• Drugs from dealers are not uniform or pharmaceutical grade; each administration has a different chemical composition, dose, and concentration
  • The effect is unpredictable and variable
  • These drug are so potent that first time users are dying and sometimes even Narcan (discussed in detail below) is not effective
  • Scott points out that teens are more comfortable with pills, and unfortunately the street drugs (which press fentanyl into pill form) look remarkably similar to pharmaceutical produced pills, such as oxycodone or valium. This DEA Advisory illustrates the similar nature of these pills. Kids may mistakenly assume that a pill that looks like a prescription pill is somehow safer than injectables
  • “Opioid naïve” teens and young adults are not only unaware that drugs labeled as opioids have fentanyl, but also that many (cocaine, benzodiazepines, methamphetamine), that are not believed to be opioids do as well

Scott offers the following: “If you are consciously using an opioid sourced from the community (dealer), it’s most likely that you are using fentanyl.”

How can Parents try to Prevent a Problem with Opioids in the First Place?

Establish an open dialogue about the serious dangers of opioids

Conversations can be difficult but it’s important for kids to understand that one use of an opioid or an unintended opioid could kill them. While this EAP News Feature was in process, a 22-year-old from the North Shore of Massachusetts died after taking one street-sourced Percocet at a party and 3 teens in Los Angeles overdosed from fentanyl-laced ecstasy pills, sourced on the Internet.

Scott emphasizes that the best strategy is to have regular dialogue with your kids. The “dinner table” is the best antidote.

  • Allow kids to speak freely, without judgment
  • Be realistic and open-minded
  • Keep the door open for future conversations
  • Cover the big picture and all components, not just school
  • Ask about what gap drugs might be filling, and how they might swap out drugs for another activity, hobby, exercise, or community service

Address the issue of opioids before medical procedures or treatment for injuries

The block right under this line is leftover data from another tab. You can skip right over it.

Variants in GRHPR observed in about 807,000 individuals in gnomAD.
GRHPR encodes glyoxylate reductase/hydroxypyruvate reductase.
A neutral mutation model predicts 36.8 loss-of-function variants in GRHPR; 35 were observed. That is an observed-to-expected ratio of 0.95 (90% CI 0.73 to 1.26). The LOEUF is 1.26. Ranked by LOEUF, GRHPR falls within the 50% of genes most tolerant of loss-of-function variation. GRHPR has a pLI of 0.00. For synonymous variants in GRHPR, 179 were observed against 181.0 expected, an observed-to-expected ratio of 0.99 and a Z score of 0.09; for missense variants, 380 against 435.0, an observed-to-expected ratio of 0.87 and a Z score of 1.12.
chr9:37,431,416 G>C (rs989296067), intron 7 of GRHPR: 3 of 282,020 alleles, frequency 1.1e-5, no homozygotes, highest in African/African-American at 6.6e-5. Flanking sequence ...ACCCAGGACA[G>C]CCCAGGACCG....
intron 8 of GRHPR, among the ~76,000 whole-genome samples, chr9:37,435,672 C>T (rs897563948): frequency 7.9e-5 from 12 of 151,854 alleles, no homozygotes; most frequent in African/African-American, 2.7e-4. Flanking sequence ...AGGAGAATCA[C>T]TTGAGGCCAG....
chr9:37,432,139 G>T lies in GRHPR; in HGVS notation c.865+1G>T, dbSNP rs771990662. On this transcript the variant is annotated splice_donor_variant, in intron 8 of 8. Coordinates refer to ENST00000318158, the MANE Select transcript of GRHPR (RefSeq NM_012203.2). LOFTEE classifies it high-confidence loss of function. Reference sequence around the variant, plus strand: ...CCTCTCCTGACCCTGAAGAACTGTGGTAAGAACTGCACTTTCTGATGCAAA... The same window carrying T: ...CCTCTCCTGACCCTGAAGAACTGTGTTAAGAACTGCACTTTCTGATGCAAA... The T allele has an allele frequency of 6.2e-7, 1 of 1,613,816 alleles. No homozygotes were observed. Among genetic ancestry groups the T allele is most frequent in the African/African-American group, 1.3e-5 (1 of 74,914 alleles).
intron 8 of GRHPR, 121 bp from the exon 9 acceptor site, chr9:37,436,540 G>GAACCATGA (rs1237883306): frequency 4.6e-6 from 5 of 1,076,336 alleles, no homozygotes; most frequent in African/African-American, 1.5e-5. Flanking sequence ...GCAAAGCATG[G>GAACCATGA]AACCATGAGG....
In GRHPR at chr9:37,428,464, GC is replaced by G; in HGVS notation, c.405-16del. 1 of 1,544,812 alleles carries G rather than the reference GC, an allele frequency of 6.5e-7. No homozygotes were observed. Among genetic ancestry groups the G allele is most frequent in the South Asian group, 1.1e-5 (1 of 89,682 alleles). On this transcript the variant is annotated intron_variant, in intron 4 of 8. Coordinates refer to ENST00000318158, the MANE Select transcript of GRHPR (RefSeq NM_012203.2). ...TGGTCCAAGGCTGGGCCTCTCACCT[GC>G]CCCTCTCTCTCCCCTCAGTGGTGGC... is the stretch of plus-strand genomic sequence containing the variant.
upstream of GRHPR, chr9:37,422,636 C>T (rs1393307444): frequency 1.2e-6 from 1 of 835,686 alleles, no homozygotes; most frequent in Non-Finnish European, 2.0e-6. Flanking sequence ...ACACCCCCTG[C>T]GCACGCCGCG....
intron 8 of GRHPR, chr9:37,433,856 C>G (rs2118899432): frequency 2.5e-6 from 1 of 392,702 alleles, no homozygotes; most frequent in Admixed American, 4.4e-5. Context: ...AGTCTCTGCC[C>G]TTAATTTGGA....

Of course, providers are experts in their respective fields, but parents know their children best. You can be involved in decisions about what medications your child is prescribed and it’s always a good idea to be an informed participant in your child’s care.

 Educate yourself about the side effects of opioids

Opioids work on the receptor in the brain that mediates pain but are also responsible for a whole host of other things.

  • The most serious and dangerous side effect is respiratory depression. This is the reason people get into trouble with overdoses
  • Impacts on the GI tract are very common and can lead to abdominal pain and constipation
  • There are impacts on the endocrine system
  • Longer term effects are dependence and addiction. Individuals who use a drug repetitively build up a tolerance and need to use higher doses to get the same effect (euphoria; masking of pain) and prevent withdrawal

Consider pain management alternatives, which often work better and are less susceptible to tolerance or substance use disorders

Despite all we have learned, there are still examples of unnecessary use of or over-prescribing of opioids. Tolerance to opioids can happen very quickly (in just 2-3 days) for some individuals. In recent times, kids were prescribed 30-60 oxycodone pills for wisdom teeth removal or orthopedic surgeries.

Acute pain from many procedures lasts about 2-3 days and can often be treated successfully with a combination of acetaminophen (Tylenol) or ibuprofen (Advil or Motrin), for those without contraindications.  Opioids do not need to be the first line of defense. Scott adds that opioids mask but do not treat pain. They provide no anti-inflammatory effect.

With a few specific exceptions, there should not be long-term use of opioids. Studies show the benefits of chronic opioid therapy are inferior to the risks, particularly when the  goal is to improve someone’s function. Non-opioids often have more favorable outcomes and less side effects.

Be an advocate with providers

It’s totally acceptable and important to discuss plans for pain management with your child’s prescriber. Review:

  • The amount of pain to expect and thresholds for use of medication
  • If opioids are truly necessary
  • The strongest and best pain treatment for these circumstances and potential side-effects
  • The number of pills being prescribed
  • How long the medications are typically needed
  • The process for follow-up if pain persists longer than expected. Make sure there are no surgical complications and ask for next line alternatives, such as lidocaine patches, physical therapy, or acupuncture
  • How to prevent unwanted side effects, such as dependence, gastro complications

Monitor and manage medication use

  • Supervise the use of opioids -how many are taken and when
  • Help your child taper as soon as possible
  • Make sure your child knows not to share their medicine with anyone else
  • Secure or dispose of drugs as soon as they are no longer needed

Student athletes